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Puppies and Chocolate Poisoning

What Happens & What to Do About Chocolate Poisoning

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Puppies and Chocolate Poisoning

Make sure any treats-for-tricks are healthy for your dog during any holiday.

Image © Vikki Hart/Getty Images

Chocolate poisoning usually happens around the holidays—Halloween, Thanksgiving, Christmas, Valentine’s Day, Easter—when lots of candy is available. Chocolate is made from the roasted seeds of cocoa plants and contains theobromine, a stimulant related to caffeine, and both are toxic to pets. Eating too much chocolate shifts your puppy’s heart into overdrive and can kill him.

All pets are at risk for chocolate poisoning. But puppies get into chocolate most often because of their curious nature. And their smaller size increases the risk for chocolate poisoning even if they munch a small amount.

What Happens When Dogs Eat Chocolate

Milk chocolate usually doesn’t cause life-threatening problems because it takes nearly two pounds of milk chocolate to poison a seven-pound puppy. Milk chocolate found in candy bars contains about 42 milligrams of theobromine per ounce. Typically, a toxic dose of milk chocolate is five ounces per pound of body weight. While a bite of chocolate generally isn’t a concern, a 10-pound puppy can still get very sick from eating as little as eight ounces of milk chocolate.

Unsweetened baking chocolate is much more dangerous. It contains nearly ten times as much theobromine as milk chocolate, about 450 milligrams of theobromine per ounce. Baking chocolate is used to make truffles, brownies, chocolate cake, and other deserts. A lethal dose of theobromine is .67 to 1.3 ounces of baking chocolate per 2.2 pounds of dog. That means your ten pound puppy can become sick or even die simply by licking off the chocolate frosting on a large cake, swiping a truffle or lapping up your hot cocoa.

Signs of Chocolate Poisoning

The theobromine and caffeine are stimulants that affect the puppy's nervous system, causing hyperactive behavior along with other signs. Poisoned pups may pass large amounts of urine due to the diuretic effect of the drug which also relaxes bladder control.

Pups poisoned with chocolate drool, act thirsty, and suffer vomiting and/or have bouts of diarrhea. Even if not life-threatening, the diarrhea and vomiting can leave you with potty accidents to clean up.

If your puppy stops breathing you may need to perform rescue breathing. The drug may either increase the pet's heart rate or cause irregular heartbeat. The signs of poisoning may eventually include muscle spasms or tremors, seizures, coma, and ultimately death.

Treatment for Chocolate Poisoning

There is no antidote for chocolate poisoning. Affected dogs are offered supportive treatment from the veterinarian to prevent further absorption of the poison and hasten elimination, along with symptomatic treatment.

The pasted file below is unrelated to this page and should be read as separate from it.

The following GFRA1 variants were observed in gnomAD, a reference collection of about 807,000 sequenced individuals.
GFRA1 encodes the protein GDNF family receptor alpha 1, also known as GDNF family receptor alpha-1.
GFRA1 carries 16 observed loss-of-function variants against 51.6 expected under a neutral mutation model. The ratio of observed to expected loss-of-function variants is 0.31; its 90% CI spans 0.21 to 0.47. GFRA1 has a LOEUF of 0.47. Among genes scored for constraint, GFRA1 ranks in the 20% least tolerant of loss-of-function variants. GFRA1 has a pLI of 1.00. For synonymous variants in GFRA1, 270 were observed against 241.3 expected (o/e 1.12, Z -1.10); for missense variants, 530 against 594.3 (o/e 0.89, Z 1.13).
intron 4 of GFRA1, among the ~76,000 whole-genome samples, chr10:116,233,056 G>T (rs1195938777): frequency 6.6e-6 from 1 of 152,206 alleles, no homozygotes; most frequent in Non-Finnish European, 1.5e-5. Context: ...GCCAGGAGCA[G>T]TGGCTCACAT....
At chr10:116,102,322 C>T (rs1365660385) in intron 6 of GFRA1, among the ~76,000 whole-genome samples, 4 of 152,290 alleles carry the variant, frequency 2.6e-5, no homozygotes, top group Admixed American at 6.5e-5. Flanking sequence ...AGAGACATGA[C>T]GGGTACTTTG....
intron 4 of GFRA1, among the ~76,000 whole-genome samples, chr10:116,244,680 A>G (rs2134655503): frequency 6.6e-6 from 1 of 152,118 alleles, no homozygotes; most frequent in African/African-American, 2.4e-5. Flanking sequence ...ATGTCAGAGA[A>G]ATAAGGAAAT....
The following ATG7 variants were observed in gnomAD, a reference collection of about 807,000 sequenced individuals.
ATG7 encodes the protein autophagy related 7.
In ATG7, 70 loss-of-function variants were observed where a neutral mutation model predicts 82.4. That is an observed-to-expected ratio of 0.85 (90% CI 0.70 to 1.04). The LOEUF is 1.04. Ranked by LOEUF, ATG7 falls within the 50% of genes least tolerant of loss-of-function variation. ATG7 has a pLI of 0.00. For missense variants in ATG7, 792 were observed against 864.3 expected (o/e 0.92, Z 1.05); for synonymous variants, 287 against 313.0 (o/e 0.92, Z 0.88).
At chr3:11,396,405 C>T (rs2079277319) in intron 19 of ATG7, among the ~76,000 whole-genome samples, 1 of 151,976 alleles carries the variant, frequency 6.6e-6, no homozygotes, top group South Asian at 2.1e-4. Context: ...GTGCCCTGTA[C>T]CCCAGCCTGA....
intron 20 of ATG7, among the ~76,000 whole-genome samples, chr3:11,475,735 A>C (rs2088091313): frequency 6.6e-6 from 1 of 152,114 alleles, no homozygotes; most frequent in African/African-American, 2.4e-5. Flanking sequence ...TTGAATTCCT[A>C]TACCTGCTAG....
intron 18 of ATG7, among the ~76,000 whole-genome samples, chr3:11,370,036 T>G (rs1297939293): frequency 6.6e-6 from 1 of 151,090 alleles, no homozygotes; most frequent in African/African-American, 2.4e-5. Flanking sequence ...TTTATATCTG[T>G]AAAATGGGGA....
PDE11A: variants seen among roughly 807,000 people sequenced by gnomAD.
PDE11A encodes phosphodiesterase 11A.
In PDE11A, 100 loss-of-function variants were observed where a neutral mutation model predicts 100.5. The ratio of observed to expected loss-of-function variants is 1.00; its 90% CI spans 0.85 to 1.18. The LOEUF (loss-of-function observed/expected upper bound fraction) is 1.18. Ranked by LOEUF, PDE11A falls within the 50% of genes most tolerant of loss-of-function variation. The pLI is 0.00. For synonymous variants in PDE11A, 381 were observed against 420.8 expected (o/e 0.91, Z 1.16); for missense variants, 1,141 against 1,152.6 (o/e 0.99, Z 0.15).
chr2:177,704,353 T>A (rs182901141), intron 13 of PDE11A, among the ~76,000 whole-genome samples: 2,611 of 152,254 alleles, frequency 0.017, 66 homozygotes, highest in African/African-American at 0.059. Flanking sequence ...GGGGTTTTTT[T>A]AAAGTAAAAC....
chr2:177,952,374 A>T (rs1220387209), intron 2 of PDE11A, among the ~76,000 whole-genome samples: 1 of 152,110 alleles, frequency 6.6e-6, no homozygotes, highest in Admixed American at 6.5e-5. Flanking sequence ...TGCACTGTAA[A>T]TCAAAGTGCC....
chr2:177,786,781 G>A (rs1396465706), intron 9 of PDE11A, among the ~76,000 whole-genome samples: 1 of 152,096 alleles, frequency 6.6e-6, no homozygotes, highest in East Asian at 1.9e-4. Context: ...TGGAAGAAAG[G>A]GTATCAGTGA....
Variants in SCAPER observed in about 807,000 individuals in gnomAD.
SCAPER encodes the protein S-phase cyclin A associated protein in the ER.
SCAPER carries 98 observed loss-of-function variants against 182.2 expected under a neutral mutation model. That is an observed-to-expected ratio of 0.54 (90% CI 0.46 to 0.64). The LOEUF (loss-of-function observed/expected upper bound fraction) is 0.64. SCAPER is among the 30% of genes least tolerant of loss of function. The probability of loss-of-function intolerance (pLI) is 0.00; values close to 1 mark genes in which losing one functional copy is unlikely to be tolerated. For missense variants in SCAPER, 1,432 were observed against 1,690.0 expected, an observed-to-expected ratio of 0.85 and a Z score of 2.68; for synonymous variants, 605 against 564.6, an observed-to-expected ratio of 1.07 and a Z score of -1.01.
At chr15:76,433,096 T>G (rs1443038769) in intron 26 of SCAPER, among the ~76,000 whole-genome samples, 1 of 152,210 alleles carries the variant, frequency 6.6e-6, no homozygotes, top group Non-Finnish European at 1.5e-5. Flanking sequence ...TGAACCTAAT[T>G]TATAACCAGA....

Activated charcoal may be administered to help prevent additional absorption of the theobromine into the puppy's system. Signs of shock are addressed with fluid therapy, and seizures, heart irregularities, vomiting and diarrhea are each specifically treated with appropriate medications. The treatment is often prolonged, because the half-life of theobromine—the time it takes the body to eliminate it—is 72 hours in dogs.

First Aid for Chocolate Poisoning

If you catch your puppy snacking on such things, induce vomiting as soon as you can to get rid of the poison. Even if you don’t see the dirty deed but find suspicious evidence such as chewed up candy wrappers, it’s a good idea to get him to purge. Chocolate isn't absorbed very quickly, so making him vomit may be helpful even a couple of hours after ingestion.

It can be dangerous to induce vomiting if the pup acts woozy. They can inhale the material on its way up and suffocate. As long as he’s alert, there are several methods you can use to get rid of the chocolate.

  • First, feed the pup a small meal. This helps dilute the toxin and delay its absorption. Having something of “substance” in the stomach also makes it much easier to induce vomiting.
  • Give your pet 3% hydrogen peroxide, one to two teaspoons for every 10 pounds the pup weighs. Squirt to the back of the pet’s tongue with an eyedropper, needless syringe, or turkey baster. The taste and foaming prompts vomiting within five minutes. If it doesn’t work the first time, you can repeat two or three times, with five minutes between doses.
  • Syrup of Ipecac is effective for dogs. Ipecac takes longer to work than hydrogen peroxide, though, and the dose should only be given once. Give one teaspoon for dogs less than 35 pounds, and up to a tablespoon for larger dogs.
  • If you have nothing else available, table salt prompts vomiting after the first or second dose. Give it dry, onto the back of the pet’s tongue—one teaspoonful at a time for little pups or a tablespoonful for adult-size pups. Repeat in three minutes if the first dose doesn’t work.
  • Call the veterinarian for further instructions after the pet has emptied his stomach. If you can’t induce vomiting after a couple of tries, prompt veterinary care is even more important.

The best way to deal with chocolate toxicity is to prevent the problem from ever happening. Most puppies have a sweet tooth, so keep chocolate out of reach and be especially vigilant around the holidays.

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